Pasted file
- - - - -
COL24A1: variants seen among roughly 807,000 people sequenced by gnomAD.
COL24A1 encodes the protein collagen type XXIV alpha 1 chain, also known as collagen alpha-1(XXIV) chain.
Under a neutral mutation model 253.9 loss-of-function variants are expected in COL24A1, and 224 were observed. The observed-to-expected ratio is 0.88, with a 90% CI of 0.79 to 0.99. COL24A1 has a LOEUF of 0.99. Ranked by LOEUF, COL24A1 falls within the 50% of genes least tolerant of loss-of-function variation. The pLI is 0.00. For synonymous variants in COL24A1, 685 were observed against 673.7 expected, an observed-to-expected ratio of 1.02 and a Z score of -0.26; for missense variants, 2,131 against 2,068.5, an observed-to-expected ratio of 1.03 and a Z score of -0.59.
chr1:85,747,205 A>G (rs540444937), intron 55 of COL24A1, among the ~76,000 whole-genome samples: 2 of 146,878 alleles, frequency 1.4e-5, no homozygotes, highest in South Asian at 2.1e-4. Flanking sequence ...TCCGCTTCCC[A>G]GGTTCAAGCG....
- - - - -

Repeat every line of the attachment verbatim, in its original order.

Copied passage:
COL24A1: variants seen among roughly 807,000 people sequenced by gnomAD.
COL24A1 encodes the protein collagen type XXIV alpha 1 chain, also known as collagen alpha-1(XXIV) chain.
Under a neutral mutation model 253.9 loss-of-function variants are expected in COL24A1, and 224 were observed. The observed-to-expected ratio is 0.88, with a 90% CI of 0.79 to 0.99. COL24A1 has a LOEUF of 0.99. Ranked by LOEUF, COL24A1 falls within the 50% of genes least tolerant of loss-of-function variation. The pLI is 0.00. For synonymous variants in COL24A1, 685 were observed against 673.7 expected, an observed-to-expected ratio of 1.02 and a Z score of -0.26; for missense variants, 2,131 against 2,068.5, an observed-to-expected ratio of 1.03 and a Z score of -0.59.
chr1:85,747,205 A>G (rs540444937), intron 55 of COL24A1, among the ~76,000 whole-genome samples: 2 of 146,878 alleles, frequency 1.4e-5, no homozygotes, highest in South Asian at 2.1e-4. Flanking sequence ...TCCGCTTCCC[A>G]GGTTCAAGCG....